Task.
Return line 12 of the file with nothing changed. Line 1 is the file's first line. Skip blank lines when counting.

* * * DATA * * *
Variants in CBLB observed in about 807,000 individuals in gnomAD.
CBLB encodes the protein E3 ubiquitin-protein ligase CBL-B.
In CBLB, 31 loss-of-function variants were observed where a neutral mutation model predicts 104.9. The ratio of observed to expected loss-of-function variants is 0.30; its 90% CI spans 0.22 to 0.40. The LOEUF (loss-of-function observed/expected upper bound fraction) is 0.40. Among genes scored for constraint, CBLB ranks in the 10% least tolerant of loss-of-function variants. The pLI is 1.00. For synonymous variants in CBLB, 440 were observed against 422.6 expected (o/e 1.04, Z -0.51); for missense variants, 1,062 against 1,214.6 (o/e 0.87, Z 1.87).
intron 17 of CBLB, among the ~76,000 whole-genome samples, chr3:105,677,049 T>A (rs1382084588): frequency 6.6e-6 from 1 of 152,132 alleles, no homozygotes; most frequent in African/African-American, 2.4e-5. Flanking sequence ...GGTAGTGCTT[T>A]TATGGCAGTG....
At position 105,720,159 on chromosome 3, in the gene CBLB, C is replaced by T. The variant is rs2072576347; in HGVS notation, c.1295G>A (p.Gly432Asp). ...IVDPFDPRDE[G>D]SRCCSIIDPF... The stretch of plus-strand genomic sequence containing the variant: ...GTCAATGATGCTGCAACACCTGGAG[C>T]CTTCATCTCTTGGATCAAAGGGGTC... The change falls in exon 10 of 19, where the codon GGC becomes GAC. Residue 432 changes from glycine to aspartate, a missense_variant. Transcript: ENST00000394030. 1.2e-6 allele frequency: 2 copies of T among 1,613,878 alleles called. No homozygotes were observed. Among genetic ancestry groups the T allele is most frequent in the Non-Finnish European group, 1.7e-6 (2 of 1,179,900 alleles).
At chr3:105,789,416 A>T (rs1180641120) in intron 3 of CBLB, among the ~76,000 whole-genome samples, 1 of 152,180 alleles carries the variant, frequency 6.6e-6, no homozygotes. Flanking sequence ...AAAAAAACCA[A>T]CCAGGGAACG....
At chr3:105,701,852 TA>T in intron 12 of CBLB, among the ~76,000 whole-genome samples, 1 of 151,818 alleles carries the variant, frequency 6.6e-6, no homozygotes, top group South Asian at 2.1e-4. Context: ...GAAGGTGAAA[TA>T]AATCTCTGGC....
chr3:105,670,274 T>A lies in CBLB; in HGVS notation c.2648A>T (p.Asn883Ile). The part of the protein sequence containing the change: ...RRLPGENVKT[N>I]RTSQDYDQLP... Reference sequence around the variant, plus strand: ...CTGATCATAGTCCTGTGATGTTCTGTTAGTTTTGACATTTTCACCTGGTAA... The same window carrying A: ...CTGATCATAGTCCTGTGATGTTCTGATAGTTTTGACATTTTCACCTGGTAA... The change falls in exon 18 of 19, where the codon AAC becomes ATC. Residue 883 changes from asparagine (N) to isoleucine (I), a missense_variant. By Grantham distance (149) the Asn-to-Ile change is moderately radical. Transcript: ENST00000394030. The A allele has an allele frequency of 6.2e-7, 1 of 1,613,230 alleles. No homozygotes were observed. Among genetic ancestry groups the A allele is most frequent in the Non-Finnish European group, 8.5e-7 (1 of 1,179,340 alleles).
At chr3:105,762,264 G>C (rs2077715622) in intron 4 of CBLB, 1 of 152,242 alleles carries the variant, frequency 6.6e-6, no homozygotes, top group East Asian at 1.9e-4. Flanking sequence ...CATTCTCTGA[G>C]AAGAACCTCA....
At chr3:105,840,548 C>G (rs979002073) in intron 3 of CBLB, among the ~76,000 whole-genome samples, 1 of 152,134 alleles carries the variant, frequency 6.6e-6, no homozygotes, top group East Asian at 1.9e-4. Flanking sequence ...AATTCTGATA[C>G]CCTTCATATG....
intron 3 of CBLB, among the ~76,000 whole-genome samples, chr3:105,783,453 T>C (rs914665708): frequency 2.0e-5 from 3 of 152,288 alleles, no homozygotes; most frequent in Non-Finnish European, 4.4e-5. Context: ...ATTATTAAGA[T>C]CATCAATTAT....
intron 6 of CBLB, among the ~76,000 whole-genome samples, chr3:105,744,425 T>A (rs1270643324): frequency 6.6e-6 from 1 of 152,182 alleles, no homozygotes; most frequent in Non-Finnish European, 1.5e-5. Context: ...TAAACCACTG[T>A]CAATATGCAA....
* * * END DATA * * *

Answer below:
intron 6 of CBLB, among the ~76,000 whole-genome samples, chr3:105,744,425 T>A (rs1270643324): frequency 6.6e-6 from 1 of 152,182 alleles, no homozygotes; most frequent in Non-Finnish European, 1.5e-5. Context: ...TAAACCACTG[T>A]CAATATGCAA....